Thursday, September 5, 2013

Ignore your brand at your own peril

Hyundai has hit a speed bump on its way to what it had hoped would be a sales leadership position in the United States auto market.

While Hyudai's sales were up 8.2% over the previous year last month, that lags the overall growth in the U.S. market, which expanded by more than 17%.

What's behind this slow down?

In my mind, a misguided strategy. Funny thing is, it's the same strategy that has hampered VWs growth for decades.

Like VW, Hyundai came into the U.S. market as a classic disruptor, with low-cost materials, basic design and just enough features to be attractive. But their cars were inexpensive, so they sold to those who wanted a new car and could afford nothing else. It was a strategy that helped them grab sales from Toyota, Chevrolet, Honda, Ford and other mainstream brands.

But then they altered their focus slightly, still offering a low price, but attempting to improve the perceived quality of their products by upgrading the materials and their styling. They also helped mitigate the perception of poor quality by offering a ten year 100,000 mile warranty. In addition when the economy went soft, they created their Assurance Program which allowed new buyers to return their cars with no hit to their credit if they lost their job. As they did this sales accelerated and the Elantra and Sonata both climbed the sales charts.

Not satisfied, however, to enjoy growing success at the lower end of the market where margins are thin, Hyundai decided they had the brand power to take on more entrenched and esteemed competition at the high end of the market in the states.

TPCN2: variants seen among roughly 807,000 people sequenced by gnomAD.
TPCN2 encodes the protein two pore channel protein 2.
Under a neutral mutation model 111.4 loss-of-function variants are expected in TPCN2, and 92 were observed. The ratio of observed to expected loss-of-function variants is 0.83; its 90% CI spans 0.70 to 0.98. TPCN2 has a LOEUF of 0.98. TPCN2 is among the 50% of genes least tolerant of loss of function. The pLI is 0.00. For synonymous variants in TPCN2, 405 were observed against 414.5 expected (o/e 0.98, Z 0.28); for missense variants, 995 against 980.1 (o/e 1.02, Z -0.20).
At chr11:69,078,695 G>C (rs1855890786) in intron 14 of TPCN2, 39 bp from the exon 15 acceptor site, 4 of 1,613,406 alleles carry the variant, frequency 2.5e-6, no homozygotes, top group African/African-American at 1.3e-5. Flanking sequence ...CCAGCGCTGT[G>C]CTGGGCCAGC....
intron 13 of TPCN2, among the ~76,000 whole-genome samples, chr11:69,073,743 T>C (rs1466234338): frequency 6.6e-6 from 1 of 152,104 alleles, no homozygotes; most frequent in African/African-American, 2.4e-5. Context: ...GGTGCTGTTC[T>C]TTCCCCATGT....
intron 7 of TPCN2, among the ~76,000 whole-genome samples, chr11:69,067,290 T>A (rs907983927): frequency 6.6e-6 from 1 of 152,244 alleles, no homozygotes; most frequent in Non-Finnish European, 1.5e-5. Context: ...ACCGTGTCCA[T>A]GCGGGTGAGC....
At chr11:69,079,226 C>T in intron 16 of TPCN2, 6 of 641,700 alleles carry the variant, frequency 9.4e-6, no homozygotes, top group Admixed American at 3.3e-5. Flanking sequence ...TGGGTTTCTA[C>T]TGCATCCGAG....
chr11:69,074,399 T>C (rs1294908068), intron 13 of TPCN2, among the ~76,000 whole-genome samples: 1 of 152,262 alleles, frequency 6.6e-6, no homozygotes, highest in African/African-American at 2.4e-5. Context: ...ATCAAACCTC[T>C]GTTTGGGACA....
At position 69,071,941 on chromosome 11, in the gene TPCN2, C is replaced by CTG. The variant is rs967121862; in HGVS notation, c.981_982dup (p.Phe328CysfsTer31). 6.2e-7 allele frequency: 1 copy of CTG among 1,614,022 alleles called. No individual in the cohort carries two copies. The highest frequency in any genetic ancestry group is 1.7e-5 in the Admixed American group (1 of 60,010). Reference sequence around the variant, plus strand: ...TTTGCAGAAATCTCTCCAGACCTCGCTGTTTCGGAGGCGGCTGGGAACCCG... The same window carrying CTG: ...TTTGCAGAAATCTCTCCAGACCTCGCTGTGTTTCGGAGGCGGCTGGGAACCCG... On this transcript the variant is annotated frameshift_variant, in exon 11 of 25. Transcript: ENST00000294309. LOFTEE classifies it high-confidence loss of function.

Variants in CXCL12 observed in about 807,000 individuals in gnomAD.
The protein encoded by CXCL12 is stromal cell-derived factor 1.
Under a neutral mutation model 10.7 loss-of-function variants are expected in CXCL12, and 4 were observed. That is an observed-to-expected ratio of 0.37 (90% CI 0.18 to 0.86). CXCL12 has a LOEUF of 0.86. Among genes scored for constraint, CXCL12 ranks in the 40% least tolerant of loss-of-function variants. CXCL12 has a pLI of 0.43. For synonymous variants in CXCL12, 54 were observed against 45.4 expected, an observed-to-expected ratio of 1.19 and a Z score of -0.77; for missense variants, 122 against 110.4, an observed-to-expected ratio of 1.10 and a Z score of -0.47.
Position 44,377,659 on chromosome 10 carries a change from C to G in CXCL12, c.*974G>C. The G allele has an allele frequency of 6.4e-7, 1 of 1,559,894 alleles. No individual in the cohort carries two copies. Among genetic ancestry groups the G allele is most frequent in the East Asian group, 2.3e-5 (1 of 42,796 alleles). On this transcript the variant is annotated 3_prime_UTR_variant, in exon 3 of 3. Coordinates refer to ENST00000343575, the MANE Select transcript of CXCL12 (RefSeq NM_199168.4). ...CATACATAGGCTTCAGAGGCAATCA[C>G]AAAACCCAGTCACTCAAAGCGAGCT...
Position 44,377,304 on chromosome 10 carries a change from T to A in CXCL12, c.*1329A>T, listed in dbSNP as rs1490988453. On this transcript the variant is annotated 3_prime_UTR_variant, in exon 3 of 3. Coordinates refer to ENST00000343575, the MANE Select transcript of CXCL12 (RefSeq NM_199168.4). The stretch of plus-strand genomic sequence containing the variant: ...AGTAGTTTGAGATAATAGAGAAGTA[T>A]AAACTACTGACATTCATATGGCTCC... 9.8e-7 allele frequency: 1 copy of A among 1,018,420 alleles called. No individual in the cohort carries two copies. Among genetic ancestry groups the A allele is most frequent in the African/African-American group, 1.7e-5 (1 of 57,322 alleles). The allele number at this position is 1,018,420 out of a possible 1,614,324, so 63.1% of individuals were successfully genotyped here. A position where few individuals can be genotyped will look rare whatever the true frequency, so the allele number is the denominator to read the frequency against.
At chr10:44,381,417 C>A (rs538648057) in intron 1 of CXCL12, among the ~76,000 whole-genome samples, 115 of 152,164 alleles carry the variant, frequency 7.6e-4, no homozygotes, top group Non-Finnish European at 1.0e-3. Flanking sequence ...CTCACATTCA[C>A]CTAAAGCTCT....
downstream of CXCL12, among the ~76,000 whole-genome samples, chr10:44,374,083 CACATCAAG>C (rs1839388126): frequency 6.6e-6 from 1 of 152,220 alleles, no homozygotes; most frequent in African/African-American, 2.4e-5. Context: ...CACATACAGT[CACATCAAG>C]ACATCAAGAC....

So just a two years after running commercials that were designed to teach people how to pronounce their brand name...

Hyundai introduced the $60,000 Equus in the U.S. adding Lexus, Audi, BMW and Mercedes to their competitive set.

VW made the same mistake in the early 2000s when they tried to move upscale by launching the Phaeton.

While the cars themselves might be fine, with luxurious appointments, acceptable power and everything else the leaders in this category offer, neither the VW nor Hyundai brand are able to support a credible competitor to Audi, Mercedes, Lexus and BMW.

If they really wanted to launch and upscale product, they only had to look at Toyota for a roadmap. Lexus was launched in the late 1980s because Toyota had taken a large chunk of the mainstream market and wanted to migrate into the luxury segment. They knew, however, Toyota wouldn't be relevant at the top end of the world's most important automotive market, so Lexus was born.

They didn't just build a new car, however. They built a whole new brand. With separate dealerships. Separate experiences. Separate promises. That's why they succeeded where VW and Hyundai seem to be falling short.

Hyundai can't compete at both ends of the market with one brand. Luxury buyers don't want the same badge on their car as one advertised by local dealers to the credit challenged. Nor do they want to be seen in the same dealership as consumers who aren't sure if they can even afford a new car.

The powers that be in Seoul need to let Hyundai be Hyundai. And, if they really must compete at the high end of the market, spend the money to create a new brand.

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